So Paul likely made no mention of a tithe in the various churches because he didn't have to. Because scripture suggests that the Jewish based churches, as all the first churches were, gave generously for the sake of their own individual and mutual survival, and the tithe amount was not at all in dispute, and became the standard practical norm for the gentile church as well. This is no surprise. We are co-heirs of the Jews. It was something the Jewish Christians had learned from scripture, as we do, and the Law of the Spirit.

Now if you are not aware of the way your church uses it's finances then you can prayerfully speak to your pastors and encourage greater openess about it's financial practices and vision. It may be like many churches- there are just one or two helpers, none of whom has any financial administrative gifts (so hire a part time bookeeper and publish the books). Perhaps you are that person they need to step up. Most pastors want to do right by the Lord and their people, but they need help, and oftentimes they are quite willing to show how much it costs to run a church.

And if you are short of cash, or just learning to manage money, you might consider volunteeering your services. I was very thankful when folks offered their time, their services, even sometimes their custom work to church. The way I see it- if God accepted all sorts of animals and grains from his first people as tithes during an agrarian time why wouldn't he accept all kinds of services and goods from a services society? The point of tithing remains the same forever, God gets the first fruits, the best stuff, not leftovers. Anyone who has tried to call someone for manual or technical or professional services knows such service would not in anyway be considered leftovers.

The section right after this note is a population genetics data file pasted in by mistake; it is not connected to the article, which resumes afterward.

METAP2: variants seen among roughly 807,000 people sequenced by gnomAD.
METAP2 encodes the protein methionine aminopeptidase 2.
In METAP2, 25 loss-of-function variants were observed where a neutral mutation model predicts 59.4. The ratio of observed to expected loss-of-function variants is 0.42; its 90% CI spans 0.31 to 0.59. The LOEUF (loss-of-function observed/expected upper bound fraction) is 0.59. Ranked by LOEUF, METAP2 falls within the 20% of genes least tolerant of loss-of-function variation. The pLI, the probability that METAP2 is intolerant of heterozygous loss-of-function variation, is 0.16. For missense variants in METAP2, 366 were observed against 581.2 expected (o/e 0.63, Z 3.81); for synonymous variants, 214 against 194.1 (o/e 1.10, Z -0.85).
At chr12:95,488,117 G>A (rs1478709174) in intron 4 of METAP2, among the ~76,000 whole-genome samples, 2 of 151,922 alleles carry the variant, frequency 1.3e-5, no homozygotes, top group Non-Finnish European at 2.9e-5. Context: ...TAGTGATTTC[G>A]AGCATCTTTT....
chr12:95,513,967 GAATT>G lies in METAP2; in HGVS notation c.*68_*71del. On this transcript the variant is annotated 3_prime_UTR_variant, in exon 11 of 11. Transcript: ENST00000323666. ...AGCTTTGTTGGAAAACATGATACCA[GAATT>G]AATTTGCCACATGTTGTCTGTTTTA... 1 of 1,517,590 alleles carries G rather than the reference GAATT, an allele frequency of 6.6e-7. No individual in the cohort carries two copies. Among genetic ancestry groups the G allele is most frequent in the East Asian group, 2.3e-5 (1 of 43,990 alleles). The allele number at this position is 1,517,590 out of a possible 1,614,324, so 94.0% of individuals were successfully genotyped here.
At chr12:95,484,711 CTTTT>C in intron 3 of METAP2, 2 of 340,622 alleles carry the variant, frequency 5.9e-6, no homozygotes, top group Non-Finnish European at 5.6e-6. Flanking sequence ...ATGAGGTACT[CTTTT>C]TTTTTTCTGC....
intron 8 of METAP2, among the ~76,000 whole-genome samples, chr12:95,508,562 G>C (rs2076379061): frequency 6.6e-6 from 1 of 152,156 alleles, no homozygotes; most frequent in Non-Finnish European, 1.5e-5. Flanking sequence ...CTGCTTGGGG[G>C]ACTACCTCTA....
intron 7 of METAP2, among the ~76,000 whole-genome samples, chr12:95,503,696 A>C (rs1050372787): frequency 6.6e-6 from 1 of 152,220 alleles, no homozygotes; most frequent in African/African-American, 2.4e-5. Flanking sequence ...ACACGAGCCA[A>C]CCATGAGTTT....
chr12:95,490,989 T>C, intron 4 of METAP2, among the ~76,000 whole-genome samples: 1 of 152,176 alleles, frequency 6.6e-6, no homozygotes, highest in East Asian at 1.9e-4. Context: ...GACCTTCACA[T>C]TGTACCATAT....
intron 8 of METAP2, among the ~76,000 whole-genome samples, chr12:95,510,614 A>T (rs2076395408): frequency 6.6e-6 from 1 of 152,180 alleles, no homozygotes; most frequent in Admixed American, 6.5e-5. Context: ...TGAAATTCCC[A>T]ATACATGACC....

The problem with just offering your services is that churches have bills and they only get paid with money, but again, talk to your pastor, mayby there is some service you can do that will really bless your church.

So, whether your church still use the word tithe or takes "free will" offerings, the principle from the Hebrew Torah and the Torah of the Spirit (the latter governs us) is generosity, and the the amount given as led by the word and the Spirit is going to be about ten percent.

Thanks for your question. Hope is blesses you. Let me know if it helps. Bro. Tobin